Andy Jones CS PhD student @ Princeton

$\chi$ triangles

Describing $\chi$ random variables as the lengths of vectors.

$\chi^2$ random variables

Let $X_1, X_2 \sim \mathcal{N}(0, 1)$ and define $Y = X_1^2 + X_2^2$.

From the definition of a chi-square random variable, we know that $Y$ follows a chi-squared distribution with two degrees of freedom,

\[Y \sim \chi^2_2.\]

$\chi$ random variables

Now, let’s plot $X_1 + X_2$ in vector form. As a slight abuse of notation, let $\vec{X_1} = \begin{bmatrix} X_1 \\ 0 \end{bmatrix}$ and $\vec{X_2} = \begin{bmatrix} 0 \\ X_2 \end{bmatrix}$.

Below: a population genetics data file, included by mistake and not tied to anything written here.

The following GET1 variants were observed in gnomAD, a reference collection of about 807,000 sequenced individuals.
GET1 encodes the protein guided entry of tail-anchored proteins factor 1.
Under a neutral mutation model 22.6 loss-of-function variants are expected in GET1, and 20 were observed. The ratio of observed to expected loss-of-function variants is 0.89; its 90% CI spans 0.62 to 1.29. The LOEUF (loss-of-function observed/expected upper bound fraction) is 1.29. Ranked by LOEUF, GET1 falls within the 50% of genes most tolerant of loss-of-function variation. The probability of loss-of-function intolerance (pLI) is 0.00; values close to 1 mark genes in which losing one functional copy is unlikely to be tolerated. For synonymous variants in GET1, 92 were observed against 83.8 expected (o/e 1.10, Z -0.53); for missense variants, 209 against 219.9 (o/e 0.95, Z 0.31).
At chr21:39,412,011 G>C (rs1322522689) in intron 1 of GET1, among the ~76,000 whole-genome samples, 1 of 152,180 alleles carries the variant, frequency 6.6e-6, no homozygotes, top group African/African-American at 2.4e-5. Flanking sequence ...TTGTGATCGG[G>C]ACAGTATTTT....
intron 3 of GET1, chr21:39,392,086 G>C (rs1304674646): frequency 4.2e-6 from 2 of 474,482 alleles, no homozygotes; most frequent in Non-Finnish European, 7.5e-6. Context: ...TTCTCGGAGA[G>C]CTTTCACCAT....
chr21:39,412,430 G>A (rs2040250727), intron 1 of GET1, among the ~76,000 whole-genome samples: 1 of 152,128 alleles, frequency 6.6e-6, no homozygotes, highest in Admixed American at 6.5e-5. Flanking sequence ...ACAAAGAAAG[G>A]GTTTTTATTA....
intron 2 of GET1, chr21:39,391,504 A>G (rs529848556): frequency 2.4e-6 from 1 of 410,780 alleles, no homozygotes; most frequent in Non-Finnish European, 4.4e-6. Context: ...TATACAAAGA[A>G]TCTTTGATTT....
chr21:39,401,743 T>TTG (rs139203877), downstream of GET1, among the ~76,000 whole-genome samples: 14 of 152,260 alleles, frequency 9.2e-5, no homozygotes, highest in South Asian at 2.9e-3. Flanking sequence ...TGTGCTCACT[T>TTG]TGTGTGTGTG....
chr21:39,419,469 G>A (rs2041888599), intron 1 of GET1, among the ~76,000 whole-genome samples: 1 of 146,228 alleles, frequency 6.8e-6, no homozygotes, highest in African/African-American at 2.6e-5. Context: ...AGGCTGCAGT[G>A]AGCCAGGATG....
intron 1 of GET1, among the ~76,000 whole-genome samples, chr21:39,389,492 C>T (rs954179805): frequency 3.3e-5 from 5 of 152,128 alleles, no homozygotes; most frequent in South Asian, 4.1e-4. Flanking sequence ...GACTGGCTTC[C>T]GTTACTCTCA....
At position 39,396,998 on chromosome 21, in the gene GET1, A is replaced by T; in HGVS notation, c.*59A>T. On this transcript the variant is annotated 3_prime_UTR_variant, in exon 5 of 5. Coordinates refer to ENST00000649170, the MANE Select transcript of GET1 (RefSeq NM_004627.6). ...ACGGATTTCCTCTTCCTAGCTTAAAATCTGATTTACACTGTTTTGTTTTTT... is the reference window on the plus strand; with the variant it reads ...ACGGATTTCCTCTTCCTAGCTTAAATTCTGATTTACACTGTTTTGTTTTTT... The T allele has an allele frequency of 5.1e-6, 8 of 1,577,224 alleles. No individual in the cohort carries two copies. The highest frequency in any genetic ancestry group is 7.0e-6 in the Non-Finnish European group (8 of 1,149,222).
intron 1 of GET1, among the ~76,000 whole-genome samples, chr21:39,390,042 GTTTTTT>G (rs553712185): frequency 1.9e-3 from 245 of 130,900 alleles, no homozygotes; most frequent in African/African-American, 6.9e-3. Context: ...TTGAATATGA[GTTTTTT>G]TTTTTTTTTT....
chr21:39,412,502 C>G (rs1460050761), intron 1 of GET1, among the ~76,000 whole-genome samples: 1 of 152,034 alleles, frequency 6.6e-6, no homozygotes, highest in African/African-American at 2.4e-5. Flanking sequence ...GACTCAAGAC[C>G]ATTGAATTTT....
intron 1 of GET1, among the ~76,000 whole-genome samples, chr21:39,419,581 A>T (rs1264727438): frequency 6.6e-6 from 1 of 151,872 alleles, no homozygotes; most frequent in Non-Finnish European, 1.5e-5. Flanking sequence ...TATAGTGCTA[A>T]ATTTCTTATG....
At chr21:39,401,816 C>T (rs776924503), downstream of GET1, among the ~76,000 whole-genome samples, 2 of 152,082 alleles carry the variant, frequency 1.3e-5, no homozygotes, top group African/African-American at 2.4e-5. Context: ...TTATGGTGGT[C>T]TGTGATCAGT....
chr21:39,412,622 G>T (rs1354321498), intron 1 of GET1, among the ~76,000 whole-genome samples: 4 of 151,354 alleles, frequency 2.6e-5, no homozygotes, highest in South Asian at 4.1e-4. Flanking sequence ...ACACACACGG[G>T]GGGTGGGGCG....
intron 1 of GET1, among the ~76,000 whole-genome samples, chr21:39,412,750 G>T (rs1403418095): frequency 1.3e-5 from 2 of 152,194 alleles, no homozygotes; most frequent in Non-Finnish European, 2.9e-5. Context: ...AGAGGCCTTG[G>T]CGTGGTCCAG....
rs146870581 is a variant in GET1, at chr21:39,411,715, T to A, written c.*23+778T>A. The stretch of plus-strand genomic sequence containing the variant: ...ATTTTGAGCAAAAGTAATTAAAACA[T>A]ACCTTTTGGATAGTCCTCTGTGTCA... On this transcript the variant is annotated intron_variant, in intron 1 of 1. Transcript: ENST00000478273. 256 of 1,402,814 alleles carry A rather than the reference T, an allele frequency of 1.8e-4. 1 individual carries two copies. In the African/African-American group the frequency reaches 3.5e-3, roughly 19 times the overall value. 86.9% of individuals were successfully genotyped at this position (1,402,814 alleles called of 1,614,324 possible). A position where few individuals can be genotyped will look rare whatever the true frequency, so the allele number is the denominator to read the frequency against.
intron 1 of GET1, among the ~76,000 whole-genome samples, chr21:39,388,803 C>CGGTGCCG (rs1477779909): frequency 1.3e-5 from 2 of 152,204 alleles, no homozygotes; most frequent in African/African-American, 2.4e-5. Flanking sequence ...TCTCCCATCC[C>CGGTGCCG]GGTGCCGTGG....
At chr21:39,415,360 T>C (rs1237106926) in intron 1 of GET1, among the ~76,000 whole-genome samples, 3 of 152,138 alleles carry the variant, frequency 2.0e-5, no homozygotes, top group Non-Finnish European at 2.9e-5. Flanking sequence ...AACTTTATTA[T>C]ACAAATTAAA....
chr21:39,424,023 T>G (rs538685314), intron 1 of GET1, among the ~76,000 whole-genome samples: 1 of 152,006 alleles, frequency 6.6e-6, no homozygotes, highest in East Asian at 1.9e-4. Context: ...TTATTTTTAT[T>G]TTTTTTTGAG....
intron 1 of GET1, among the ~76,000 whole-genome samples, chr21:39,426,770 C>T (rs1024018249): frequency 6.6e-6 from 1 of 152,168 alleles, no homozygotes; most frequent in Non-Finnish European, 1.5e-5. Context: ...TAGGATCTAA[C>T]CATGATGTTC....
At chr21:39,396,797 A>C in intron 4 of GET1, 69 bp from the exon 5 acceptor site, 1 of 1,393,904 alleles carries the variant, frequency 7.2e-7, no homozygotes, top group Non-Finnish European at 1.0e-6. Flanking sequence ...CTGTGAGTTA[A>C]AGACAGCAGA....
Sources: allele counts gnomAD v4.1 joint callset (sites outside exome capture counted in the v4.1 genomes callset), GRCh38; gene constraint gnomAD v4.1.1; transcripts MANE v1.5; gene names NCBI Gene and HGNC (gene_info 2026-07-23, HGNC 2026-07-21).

By the Pythagorean Theorem, the length of $\vec{X_1} + \vec{X_2}$ will be $\sqrt{X_1^2 + X_2^2}$. Equivalently, the length is $\sqrt{Y}$.

This means that the length of a random vector constructed from the sum of two standard normals follows the distribution of the square root of a $\chi^2_2$ random variable. This is also known as a chi-distributed random variable with two degrees of freedom. Let $X = \begin{bmatrix} X_1 \\ X_2 \end{bmatrix}$. Then,

\[||X||_2 \sim \chi_2.\]

More generally, we can think about the sum of $d$ squared stanadard normals. In particular, if

\[X \sim \mathcal{N}(0, I_d),\]


\[||X||_2 \sim \chi_d.\]

This has the same geometric interpretation but for higher-dimensional “triangles” (simplices with an orthogonal corner): the length of the hypotenuse follows a $\chi_d$ distribution.